To date, comprehensive searches of completed fungal genome sequences have identified only homologs of p91phox (NoxA) and p67phox (NoxR); obvious homologs of the regulatory subunits p47phox, p40phox, or p22phox have not been reported (Takemoto et al. 2007). However, the domain organization of fungal Bem1 homologs suggests that it might be a functional analog of p40phox. In particular, like p40phox, Bem1 possesses a PB1 domain containing the OPCA motif (Kawahara and Lambeth 2008). Moreover, the known role of Bem1 as a scaffold protein required for polarity establishment in yeast (i.e., Park and Bi 2007) supports a potential link between localized production of ROS and polarized growth. To test the possibility that Bem1 might regulate fungal Nox, we used NBT staining to examine ROS localization patterns in a recently characterized A. nidulans mutant possessing a deletion of the Bem1 homolog bemA (Leeder and Turner 2008). This mutant exhibited a modest increase in the number of hyphae with uniform ROS localization (class 3) that was not as dramatic as that observed in ΔnoxR or Δcdc42 mutants (Table 2). In addition, ROS localization in subapical regions of ΔbemA mutants correlated with the appearance of swollen regions that may represent aborted attempts at branching (Figure 7). Taken together, these observations provide initial support for the idea that Bem1 is a functional analog of the Nox organizers p40phox and p47phox in fungi.

DISCUSSION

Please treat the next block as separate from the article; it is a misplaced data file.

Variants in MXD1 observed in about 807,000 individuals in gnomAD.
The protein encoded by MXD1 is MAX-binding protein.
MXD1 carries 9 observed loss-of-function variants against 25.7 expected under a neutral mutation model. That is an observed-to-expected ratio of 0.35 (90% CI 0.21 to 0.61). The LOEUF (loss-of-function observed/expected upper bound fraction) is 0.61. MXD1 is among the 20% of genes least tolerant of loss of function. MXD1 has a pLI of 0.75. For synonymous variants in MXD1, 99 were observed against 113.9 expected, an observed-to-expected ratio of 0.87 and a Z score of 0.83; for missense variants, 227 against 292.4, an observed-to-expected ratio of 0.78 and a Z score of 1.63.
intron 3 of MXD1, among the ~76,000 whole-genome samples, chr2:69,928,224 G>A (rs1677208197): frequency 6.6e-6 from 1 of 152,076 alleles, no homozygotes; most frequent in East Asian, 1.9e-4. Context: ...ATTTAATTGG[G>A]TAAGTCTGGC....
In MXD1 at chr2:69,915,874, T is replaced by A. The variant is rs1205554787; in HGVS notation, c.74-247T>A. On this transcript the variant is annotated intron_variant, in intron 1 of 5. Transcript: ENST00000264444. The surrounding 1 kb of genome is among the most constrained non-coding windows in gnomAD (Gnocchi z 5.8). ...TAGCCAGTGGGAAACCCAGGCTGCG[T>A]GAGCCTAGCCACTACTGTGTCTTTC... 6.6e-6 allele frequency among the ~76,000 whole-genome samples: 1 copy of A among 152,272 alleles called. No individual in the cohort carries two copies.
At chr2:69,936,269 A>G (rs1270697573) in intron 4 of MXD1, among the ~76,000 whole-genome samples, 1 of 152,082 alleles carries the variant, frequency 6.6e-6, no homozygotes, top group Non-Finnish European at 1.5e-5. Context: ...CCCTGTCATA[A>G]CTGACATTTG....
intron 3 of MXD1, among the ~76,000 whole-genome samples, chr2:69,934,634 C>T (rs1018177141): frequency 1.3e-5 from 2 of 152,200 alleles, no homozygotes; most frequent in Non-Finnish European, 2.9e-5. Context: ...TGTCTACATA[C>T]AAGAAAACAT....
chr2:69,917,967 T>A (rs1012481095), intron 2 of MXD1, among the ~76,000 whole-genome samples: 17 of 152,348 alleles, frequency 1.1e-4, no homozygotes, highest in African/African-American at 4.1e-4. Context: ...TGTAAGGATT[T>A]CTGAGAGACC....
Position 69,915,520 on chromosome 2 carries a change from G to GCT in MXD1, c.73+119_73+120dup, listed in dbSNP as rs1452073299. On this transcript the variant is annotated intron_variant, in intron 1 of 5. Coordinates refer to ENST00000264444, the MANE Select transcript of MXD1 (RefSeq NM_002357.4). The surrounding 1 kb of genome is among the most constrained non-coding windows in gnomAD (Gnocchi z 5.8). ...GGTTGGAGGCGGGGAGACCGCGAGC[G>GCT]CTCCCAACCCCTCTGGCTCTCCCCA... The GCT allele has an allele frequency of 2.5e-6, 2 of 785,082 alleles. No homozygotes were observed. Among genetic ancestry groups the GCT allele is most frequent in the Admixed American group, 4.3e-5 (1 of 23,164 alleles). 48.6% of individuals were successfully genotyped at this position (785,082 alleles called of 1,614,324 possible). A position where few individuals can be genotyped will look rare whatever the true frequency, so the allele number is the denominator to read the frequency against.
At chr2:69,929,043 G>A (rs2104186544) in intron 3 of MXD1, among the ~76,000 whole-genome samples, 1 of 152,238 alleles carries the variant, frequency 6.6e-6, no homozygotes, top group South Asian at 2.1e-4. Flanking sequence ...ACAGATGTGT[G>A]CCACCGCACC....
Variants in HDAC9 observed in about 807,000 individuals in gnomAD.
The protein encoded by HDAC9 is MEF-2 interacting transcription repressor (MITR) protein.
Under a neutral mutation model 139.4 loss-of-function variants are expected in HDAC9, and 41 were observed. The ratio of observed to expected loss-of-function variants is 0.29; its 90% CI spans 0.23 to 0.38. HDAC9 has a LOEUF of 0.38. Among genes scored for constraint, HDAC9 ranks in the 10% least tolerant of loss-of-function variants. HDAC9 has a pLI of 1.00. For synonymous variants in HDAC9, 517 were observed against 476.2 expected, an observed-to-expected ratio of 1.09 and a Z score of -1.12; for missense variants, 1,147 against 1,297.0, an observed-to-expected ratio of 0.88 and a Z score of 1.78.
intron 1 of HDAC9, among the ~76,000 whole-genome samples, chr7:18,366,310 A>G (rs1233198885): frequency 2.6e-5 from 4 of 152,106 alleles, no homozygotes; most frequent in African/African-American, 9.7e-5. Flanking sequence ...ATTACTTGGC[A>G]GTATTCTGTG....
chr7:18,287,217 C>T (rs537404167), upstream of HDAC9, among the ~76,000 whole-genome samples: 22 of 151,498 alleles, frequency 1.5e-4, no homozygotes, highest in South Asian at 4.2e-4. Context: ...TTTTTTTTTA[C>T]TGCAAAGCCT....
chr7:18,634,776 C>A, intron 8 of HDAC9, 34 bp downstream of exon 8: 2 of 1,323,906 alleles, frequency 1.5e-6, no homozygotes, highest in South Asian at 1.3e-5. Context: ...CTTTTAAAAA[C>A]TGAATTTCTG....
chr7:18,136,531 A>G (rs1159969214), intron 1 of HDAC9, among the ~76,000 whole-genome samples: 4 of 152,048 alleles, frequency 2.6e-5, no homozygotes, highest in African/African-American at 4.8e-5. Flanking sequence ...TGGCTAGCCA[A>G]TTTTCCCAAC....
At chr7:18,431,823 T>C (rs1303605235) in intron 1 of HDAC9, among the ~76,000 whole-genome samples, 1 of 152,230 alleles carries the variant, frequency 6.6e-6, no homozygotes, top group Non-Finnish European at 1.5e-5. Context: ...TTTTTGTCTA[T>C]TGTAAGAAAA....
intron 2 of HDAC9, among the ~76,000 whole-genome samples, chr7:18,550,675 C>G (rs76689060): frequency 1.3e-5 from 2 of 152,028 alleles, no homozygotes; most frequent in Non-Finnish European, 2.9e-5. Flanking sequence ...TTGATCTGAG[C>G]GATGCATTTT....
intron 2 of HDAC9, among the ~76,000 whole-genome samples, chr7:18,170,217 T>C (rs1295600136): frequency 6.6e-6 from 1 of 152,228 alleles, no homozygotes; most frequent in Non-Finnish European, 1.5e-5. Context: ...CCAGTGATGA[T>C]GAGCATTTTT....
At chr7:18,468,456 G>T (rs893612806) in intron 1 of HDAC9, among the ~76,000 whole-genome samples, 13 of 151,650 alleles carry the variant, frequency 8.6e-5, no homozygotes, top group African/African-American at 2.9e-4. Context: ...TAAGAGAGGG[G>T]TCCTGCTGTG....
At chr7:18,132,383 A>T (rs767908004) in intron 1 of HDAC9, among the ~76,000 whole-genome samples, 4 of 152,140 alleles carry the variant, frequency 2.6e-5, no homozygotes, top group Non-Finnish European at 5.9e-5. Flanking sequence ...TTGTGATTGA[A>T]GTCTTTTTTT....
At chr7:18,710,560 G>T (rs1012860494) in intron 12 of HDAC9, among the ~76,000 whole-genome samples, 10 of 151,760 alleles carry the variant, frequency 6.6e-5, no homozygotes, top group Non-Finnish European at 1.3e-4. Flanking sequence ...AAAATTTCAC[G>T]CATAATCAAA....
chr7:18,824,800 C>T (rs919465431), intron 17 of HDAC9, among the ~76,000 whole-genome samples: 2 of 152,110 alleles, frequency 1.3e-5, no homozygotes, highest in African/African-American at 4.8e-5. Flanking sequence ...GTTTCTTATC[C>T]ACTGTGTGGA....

Apical dominance is a key feature that defines the morphology of fungal hyphae (Rayner 1991). In filamentous fungi such as A. nidulans, the absence of lateral branches in the vicinity of the hyphal tip suggests that their formation may be actively suppressed (Trinci et al. 1994; Dynesen and Nielsen 2003). Evidence from plant pathogenic fungi also implies that apical dominance may be subject to regulation. For example, during infection of rye flowers, Claviceps purpurea hyphae do not branch, although they are capable of doing so under other conditions (see Rolke and Tudzynski 2008). The mechanisms that enforce apical dominance in fungal hyphae remain poorly understood, although recent studies in plants and animals suggest that ROS might play a role (Foreman et al. 2003; Ibi et al. 2006). Here, we present data that support this view. In particular, we show that ROS accumulates at the tips of A. nidulans hyphae and demonstrate that altered patterns of ROS localization correlate with the polarity and branching phenotypes observed in several morphological mutants. Furthermore, we also provide evidence that implicates Nox or related flavoproteins in the generation of ROS at hyphal tips, and we analyze the functional roles of several candidate Nox regulators, including NoxR, RacA, Cdc42, and BemA.